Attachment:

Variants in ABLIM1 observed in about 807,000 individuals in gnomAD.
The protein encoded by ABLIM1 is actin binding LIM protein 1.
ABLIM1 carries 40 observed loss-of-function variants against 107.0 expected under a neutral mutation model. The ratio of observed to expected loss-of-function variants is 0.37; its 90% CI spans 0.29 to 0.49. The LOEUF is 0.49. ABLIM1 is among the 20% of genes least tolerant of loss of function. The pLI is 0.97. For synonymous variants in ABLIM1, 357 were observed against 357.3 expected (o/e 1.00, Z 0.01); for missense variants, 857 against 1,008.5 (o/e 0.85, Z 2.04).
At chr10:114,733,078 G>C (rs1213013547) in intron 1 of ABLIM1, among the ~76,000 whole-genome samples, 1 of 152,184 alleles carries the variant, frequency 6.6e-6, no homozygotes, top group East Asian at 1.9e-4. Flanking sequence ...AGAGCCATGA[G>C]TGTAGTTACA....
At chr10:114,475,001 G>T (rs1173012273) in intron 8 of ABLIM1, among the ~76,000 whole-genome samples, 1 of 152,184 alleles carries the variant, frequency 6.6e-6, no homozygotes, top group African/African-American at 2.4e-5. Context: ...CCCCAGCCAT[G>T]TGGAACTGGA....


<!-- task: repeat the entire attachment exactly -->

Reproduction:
Variants in ABLIM1 observed in about 807,000 individuals in gnomAD.
The protein encoded by ABLIM1 is actin binding LIM protein 1.
ABLIM1 carries 40 observed loss-of-function variants against 107.0 expected under a neutral mutation model. The ratio of observed to expected loss-of-function variants is 0.37; its 90% CI spans 0.29 to 0.49. The LOEUF is 0.49. ABLIM1 is among the 20% of genes least tolerant of loss of function. The pLI is 0.97. For synonymous variants in ABLIM1, 357 were observed against 357.3 expected (o/e 1.00, Z 0.01); for missense variants, 857 against 1,008.5 (o/e 0.85, Z 2.04).
At chr10:114,733,078 G>C (rs1213013547) in intron 1 of ABLIM1, among the ~76,000 whole-genome samples, 1 of 152,184 alleles carries the variant, frequency 6.6e-6, no homozygotes, top group East Asian at 1.9e-4. Flanking sequence ...AGAGCCATGA[G>C]TGTAGTTACA....
At chr10:114,475,001 G>T (rs1173012273) in intron 8 of ABLIM1, among the ~76,000 whole-genome samples, 1 of 152,184 alleles carries the variant, frequency 6.6e-6, no homozygotes, top group African/African-American at 2.4e-5. Context: ...CCCCAGCCAT[G>T]TGGAACTGGA....